UNITED STATES DISTRICT COURT EASTERN DISTRICT OF PENNSYLVANIA
July 31, 1964
TEXACO, INC., Humble Oil & Refining Company, Sinclair Refining Company, and Gulf Oil Corporation
The opinion of the court was delivered by: HIGGINBOTHAM
Plaintiffs request this Court to enjoin Pasquale Fiumara and his representatives from prosecuting any claim, cause of action, question or fact which was or could have been litigated in two prior actions decided by this Court. (Civil Action Nos. 29671, and 33296.)
Since 'a motion for injunction pendente lite is addressed to the judicial discretion of the District Court,'
it is necessary to note in some detail the unique facts and changes in law which have been considered in exercising my judicial discretion to at this stage deny the relief requested.
Plaintiffs are four major oil-gasoline companies doing substantial business in Pennsylvania and are incorporated in states other than Pennsylvania. Defendant, Pasquale Fiumara, operates a gasoline service station at 6008 Haverford Avenue, Philadelphia, Pennsylvania.
From 1949 to 1961, defendant, Pasquale Fiumara, had a franchise for the sale of Sinclair's gas and related products. He claims that by reason of 'ten years of hard work' he was able to build up 'a profitable business from the sale of 76,987 gallons of Sinclair gasoline in 1950, to 421,353 gallons of Sinclair gasoline sold in 1958'.
He attributes this prior success to his ability to sell gasoline from December 1949 to February 8, 1959 'at the prevailing prices in the free and equal market.'
On January 22, 1959, plaintiff-Sinclair filed a complaint in equity in Common Pleas Court No. 5, Philadelphia County, December Term, 1958, No. 1988, requesting a preliminary injunction against Fiumara by reason of his sale of Sinclair products at prices below Sinclair's established minimum resale prices. Sinclair obtained an injunction against plaintiff from advertising, offering for sale or selling directly or indirectly these products below Sinclair's designated minimum retail prices which are referred to as 'fair trade prices.' Fiumara had never executed any fair trade agreement with Sinclair.
On February 9, 1959, the Common Pleas Court entered a preliminary injunction and made it permanent on March 28, 1960. Fiumara appealed to the Pennsylvania Supreme Court which dissolved the injunction and ordered the record remanded to the Common Pleas Court for a further hearing so that both parties could introduce additional evidence. After there had been a date set for a further hearing in compliance with the Supreme Court's opinion, Sinclair 'refused to proceed with the trial which * * * Sinclair of its own accord * * * had initiated and instead asked the Common Pleas Court to dismiss the proceedings.'
Dismissal was granted.
On May 25, 1961, Fiumara filed an antitrust suit seeking treble damages for an alleged conspiracy to fix prices of gasoline at retail in the Philadelphia area against the present plaintiffs: Sinclair Refining Co., Texaco, Inc., Humble Oil & Refining Co., Gulf Oil Corporation and also Associated Petroleum Industries of Pennsylvania.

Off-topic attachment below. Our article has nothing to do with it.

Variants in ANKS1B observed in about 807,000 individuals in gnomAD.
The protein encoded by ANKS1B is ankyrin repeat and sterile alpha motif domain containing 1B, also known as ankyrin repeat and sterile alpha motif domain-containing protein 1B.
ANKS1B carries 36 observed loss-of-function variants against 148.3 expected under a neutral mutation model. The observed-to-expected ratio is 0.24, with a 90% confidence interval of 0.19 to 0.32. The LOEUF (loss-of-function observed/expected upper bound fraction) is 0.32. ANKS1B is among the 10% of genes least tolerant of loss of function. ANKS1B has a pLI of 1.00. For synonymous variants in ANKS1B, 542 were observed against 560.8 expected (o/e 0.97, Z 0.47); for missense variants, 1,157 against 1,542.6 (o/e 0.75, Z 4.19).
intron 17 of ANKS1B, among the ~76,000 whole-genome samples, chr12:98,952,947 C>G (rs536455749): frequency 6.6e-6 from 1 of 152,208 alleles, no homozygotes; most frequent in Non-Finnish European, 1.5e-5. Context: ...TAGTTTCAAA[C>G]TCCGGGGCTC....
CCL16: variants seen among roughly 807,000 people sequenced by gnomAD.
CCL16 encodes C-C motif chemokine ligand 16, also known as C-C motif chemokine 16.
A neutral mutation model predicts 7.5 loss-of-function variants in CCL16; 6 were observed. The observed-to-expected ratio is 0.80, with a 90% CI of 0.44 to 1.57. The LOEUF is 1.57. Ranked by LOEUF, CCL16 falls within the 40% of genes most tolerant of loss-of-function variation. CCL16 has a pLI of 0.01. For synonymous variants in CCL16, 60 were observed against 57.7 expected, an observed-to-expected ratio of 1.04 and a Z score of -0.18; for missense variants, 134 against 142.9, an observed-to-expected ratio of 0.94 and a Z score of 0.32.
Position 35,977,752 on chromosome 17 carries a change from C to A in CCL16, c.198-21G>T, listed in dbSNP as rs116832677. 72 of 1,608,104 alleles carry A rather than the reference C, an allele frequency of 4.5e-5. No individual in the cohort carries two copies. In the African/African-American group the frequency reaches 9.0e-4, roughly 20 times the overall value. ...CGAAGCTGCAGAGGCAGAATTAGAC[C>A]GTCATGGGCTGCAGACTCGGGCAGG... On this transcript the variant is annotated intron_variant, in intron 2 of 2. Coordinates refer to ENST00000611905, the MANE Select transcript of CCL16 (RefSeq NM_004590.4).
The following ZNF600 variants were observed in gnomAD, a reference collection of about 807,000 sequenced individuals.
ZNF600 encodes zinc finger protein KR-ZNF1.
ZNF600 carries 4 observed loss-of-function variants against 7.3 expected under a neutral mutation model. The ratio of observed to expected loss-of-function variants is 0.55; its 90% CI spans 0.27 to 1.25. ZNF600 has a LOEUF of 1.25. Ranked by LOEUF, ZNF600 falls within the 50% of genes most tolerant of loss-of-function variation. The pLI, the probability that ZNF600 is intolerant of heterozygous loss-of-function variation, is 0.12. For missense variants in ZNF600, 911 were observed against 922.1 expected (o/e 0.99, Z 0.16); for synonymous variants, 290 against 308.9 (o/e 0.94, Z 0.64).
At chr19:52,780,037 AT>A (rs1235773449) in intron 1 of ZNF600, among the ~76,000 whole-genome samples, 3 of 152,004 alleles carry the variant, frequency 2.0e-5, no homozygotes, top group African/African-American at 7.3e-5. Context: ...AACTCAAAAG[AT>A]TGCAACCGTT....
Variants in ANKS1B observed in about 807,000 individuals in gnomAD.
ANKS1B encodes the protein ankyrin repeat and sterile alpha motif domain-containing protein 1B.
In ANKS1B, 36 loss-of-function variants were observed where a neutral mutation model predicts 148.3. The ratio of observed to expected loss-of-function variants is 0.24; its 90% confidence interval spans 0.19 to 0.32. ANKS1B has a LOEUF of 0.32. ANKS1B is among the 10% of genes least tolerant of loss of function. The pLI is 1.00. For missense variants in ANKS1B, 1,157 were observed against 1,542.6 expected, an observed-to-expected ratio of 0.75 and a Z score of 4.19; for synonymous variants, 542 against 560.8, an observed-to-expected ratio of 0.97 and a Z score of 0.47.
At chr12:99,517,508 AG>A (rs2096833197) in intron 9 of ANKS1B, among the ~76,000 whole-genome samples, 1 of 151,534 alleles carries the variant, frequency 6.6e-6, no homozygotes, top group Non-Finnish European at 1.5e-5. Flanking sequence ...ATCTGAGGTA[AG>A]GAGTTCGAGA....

On January 16, 1962, Judge Van Dusen granted summary judgment as to Associated Petroleum Industries of Pennsylvania, and on May 4, 1962, granted a motion for summary judgment in favor of the other defendants. (204 F.Supp. 544 (E.D.Pa.1962).)
On December 20, 1962, the Court of Appeals affirmed per curiam Judge Van Dusen's decision, 310 F.2d 737 (3rd Cir. 1962), and the United States Supreme Court denied Fiumara's petition for a writ of certiorari. (372 U.S. 976, 83 S. Ct. 1109, 10 L. Ed. 2d 142 (1963).)
On July 11, 1963, Fiumara filed a complaint in the Court of Common Pleas for Philadelphia County against the present plaintiff corporations and sought damages for violation of 'Pennsylvania and Federal Law' for a 'conspiracy to fix retail gasoline prices.' (Paragraph 46, Plaintiffs' Complaint.) By reason of the request of the instant plaintiff-corporations, the case was remanded to this Court as Civil Action No. 33296. On December 17, 1963, Judge Van Dusen granted the gasoline companies' motion for summary judgment from which no appeal was taken.
Plaintiffs claim that the instant action was filed because of a 'threat' of counsel for Fiumara 'to institute a third action on the same unfounded claims, this time in the Courts of the Commonwealth of Pennsylvania, unless he is paid a substantial sum of money by these plaintiffs.' (Paragraph 5, Plaintiffs' Complaint.) This alleged threat was contained in a letter written by A. E. Hurshman, counsel for Fiumara, on February 25, 1964, in which he indicated various legal theories upon which he thought the oil companies may be liable, and in which he suggested an 'amicable' adjustment so that the oil companies would not become involved in 'innumerable lawsuits, similar to the General Electric cases now in the Federal Court.' (Plaintiffs' Exhibit No. 1).